As plans were presented Thursday for an upscale, high-rise apartment/condominium building on Kenosha’s lakefront, the focus shifted to the not-so-distant future for the former automobile manufacturing town.
Literally and figuratively, Kenosha is changing in a big way.
“This isn’t the Kenosha I moved into in 1967,” said Charles Bradley, a member of the city’s Plan Commission. “We are changing from a small industrial town to a city of opportunity and growth. We have to be realistic. Kenosha is not going to remain the same. Not everyone is going to like it, but it’s the reality.”
The Brindisi Towers moved forward with overwhelming support from the commission. The $79.5 million project is in line to become the first major development of the city’s proposed $400 million Downtown Vision Project.
A final hearing is scheduled on Jan. 9.
The 134-unit, mixed-use development is slated for a 1.6-acre parcel located directly north of the Kenosha Municipal Building on 52nd Street between Seventh and Eighth avenues.
Joseph Chrnelich, president of Milwaukee-based ARD Inc., said groundbreaking could begin as soon as mid-February. Construction is expected to take two years.
“We’re ecstatic with the public support and the support from the commission,” said Chrnelich. “When we first stepped forward to be a bidder in the development, we did a lot of homework, talked to a lot of people and met with a lot of locals. It was very clear. People are ready for change in Kenosha.”
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Support for project
A standing-room-only crowd of local residents and elected officials spoke strongly in favor of the project on Thursday at the Kenosha Municipal Building, 625 52nd St.
One resident of the neighboring, four-story Harborside Commons Senior Apartment complex opposed the project and expressed a concern over the Towers’ height and how it would redefine the downtown landscape.
Ald. Jan Michalski, a member of the Plan Commission, has expressed similar concerns and iterated those sentiments on Thursday.
A zoning ordinance amendment was adopted allowing the building’s proposed height of 133 feet.
“There are concerns, which we respect because it is going to change things,” Chrnelich said. “That was expected. If we didn’t hear (concerns), we’d be exceptionally surprised. They were all good points, good concerns.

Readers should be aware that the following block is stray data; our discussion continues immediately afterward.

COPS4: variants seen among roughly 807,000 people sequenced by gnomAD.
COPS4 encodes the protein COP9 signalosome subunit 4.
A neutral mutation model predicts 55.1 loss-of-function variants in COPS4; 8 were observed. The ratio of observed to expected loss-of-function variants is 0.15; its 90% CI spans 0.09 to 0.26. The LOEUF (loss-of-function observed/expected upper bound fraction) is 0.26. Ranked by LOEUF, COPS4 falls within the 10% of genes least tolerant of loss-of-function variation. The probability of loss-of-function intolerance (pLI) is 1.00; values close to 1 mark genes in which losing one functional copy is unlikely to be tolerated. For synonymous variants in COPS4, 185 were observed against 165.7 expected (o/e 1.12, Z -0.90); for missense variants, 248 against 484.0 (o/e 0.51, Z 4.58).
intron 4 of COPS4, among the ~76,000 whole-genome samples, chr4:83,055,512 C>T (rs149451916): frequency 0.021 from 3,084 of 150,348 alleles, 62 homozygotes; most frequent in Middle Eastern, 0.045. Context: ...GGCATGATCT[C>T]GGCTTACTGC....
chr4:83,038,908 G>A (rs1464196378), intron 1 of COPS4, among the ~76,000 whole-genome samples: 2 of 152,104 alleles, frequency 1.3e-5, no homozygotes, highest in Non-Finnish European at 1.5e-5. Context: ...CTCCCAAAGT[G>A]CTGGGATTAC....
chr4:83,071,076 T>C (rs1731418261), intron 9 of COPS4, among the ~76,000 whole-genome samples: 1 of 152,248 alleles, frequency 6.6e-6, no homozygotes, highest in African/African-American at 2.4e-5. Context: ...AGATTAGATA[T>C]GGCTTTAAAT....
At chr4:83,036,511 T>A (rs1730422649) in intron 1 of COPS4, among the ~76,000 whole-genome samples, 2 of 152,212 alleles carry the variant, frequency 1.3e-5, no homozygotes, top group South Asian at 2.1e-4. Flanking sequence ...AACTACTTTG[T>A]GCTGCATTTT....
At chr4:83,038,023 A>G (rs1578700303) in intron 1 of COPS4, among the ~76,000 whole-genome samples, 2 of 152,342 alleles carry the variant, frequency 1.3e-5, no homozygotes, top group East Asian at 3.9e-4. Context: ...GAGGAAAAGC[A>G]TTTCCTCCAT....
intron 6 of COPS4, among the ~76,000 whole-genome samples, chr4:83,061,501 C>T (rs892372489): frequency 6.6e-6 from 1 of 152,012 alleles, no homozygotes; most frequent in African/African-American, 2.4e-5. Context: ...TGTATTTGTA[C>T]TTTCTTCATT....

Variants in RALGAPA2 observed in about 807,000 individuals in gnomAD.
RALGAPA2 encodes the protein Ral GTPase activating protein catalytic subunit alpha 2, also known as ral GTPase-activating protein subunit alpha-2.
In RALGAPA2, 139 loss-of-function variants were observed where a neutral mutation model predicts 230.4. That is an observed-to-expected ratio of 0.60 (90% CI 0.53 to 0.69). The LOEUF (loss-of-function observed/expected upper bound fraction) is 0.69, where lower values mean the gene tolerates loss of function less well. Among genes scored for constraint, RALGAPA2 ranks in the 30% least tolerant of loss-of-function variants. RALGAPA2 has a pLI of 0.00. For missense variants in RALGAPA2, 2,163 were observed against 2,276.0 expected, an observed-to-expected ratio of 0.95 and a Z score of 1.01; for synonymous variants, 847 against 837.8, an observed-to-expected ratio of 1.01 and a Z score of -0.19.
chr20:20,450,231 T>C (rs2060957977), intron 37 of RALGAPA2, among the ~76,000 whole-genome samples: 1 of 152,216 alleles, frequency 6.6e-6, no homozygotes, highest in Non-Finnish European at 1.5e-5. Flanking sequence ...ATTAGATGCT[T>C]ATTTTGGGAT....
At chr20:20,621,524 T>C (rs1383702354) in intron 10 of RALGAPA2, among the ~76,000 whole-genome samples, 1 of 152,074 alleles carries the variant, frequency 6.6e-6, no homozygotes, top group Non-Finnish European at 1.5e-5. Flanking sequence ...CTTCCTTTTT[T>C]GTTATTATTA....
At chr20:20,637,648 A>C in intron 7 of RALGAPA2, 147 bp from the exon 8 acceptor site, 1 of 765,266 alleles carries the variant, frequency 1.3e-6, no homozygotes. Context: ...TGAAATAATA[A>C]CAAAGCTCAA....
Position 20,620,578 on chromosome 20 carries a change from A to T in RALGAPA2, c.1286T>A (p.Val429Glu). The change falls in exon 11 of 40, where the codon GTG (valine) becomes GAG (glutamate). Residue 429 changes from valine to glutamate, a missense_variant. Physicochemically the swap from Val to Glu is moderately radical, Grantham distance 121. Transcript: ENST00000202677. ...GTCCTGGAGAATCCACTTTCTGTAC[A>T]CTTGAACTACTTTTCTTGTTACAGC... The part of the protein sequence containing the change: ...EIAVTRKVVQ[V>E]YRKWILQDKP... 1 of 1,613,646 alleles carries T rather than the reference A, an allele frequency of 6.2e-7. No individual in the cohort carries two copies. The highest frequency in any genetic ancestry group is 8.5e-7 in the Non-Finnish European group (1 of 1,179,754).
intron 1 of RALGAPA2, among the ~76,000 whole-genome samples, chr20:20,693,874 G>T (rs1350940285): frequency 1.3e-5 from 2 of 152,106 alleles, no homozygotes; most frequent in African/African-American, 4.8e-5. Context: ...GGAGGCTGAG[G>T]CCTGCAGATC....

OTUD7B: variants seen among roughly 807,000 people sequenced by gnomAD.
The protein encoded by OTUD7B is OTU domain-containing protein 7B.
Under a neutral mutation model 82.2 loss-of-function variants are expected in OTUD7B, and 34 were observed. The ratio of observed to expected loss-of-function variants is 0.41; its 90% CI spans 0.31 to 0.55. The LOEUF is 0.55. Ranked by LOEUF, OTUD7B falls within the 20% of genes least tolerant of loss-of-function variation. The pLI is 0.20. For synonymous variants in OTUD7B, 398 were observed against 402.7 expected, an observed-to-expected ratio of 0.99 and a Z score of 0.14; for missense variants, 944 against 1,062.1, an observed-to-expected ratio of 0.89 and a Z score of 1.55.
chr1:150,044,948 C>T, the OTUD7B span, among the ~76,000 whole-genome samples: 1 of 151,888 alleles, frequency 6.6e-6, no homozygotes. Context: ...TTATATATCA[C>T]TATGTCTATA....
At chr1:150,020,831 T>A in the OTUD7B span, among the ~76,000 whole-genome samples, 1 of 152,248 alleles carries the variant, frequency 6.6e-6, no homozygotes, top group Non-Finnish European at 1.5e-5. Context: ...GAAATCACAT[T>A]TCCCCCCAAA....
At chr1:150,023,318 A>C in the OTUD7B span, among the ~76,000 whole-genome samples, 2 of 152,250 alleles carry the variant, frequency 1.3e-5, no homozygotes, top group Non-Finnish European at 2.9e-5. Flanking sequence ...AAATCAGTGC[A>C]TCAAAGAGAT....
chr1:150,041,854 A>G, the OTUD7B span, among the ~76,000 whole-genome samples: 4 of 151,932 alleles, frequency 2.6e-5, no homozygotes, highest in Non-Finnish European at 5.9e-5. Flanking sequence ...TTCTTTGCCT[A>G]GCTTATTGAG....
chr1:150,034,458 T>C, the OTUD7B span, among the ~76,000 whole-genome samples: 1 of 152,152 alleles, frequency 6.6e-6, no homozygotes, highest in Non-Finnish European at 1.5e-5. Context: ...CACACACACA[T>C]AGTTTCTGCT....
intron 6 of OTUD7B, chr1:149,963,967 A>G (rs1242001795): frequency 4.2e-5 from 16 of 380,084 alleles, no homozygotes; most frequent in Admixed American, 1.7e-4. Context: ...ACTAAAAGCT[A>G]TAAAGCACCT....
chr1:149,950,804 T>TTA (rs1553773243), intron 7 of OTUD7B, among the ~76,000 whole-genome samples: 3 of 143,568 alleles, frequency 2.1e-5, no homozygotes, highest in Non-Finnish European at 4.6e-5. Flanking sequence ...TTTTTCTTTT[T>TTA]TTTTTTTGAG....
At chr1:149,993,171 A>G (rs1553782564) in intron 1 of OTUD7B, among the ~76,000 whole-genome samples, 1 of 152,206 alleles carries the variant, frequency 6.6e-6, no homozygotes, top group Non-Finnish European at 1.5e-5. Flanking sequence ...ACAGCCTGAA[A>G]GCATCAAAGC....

“One of the residents said it’s going to block views. We’re being very careful with that. We’re providing views for 154 families.”
The Brindisi Towers includes an 11-story apartment structure on the north, 10-story condo building on the south and a fourth-floor grass terrace between the two towers.
The terrace features a clubhouse with kitchen, party space, outdoor grills, seating areas with fire pits, patios and a dog-walk area.
The lower levels include more than 300 enclosed parking spots and commercial space with plans for a high-end restaurant and public health club.
Chrnelich said it will become the only luxury, lakefront high rise between Milwaukee and the Wisconsin-Illinois border. Condominiums are expected to start at $500,000, with penthouse units reaching $1.5 million. Monthly rent for the apartments could range from $2,500 to $4,000.
Every unit is designed to have views of the Kenosha harbor and Lake Michigan.
“If you look at some of the studies they’ve conducted in Kenosha County, there is a huge void in mid- to upper-end residential housing,” Chrnelich said. “There are single-family homes, townhouses, condos and apartments. The numbers we see are huge for what is needed over the next 10 years. This (project) just scratches that need.”
Brindisi Towers is expected to be downtown’s most high-end residential property. Plans for several other more-affordable downtown residential projects could soon be on the way, according to Chrnelich.
“Stay tuned,” Chrnelich said. “This is step one. The first step is always the biggest.”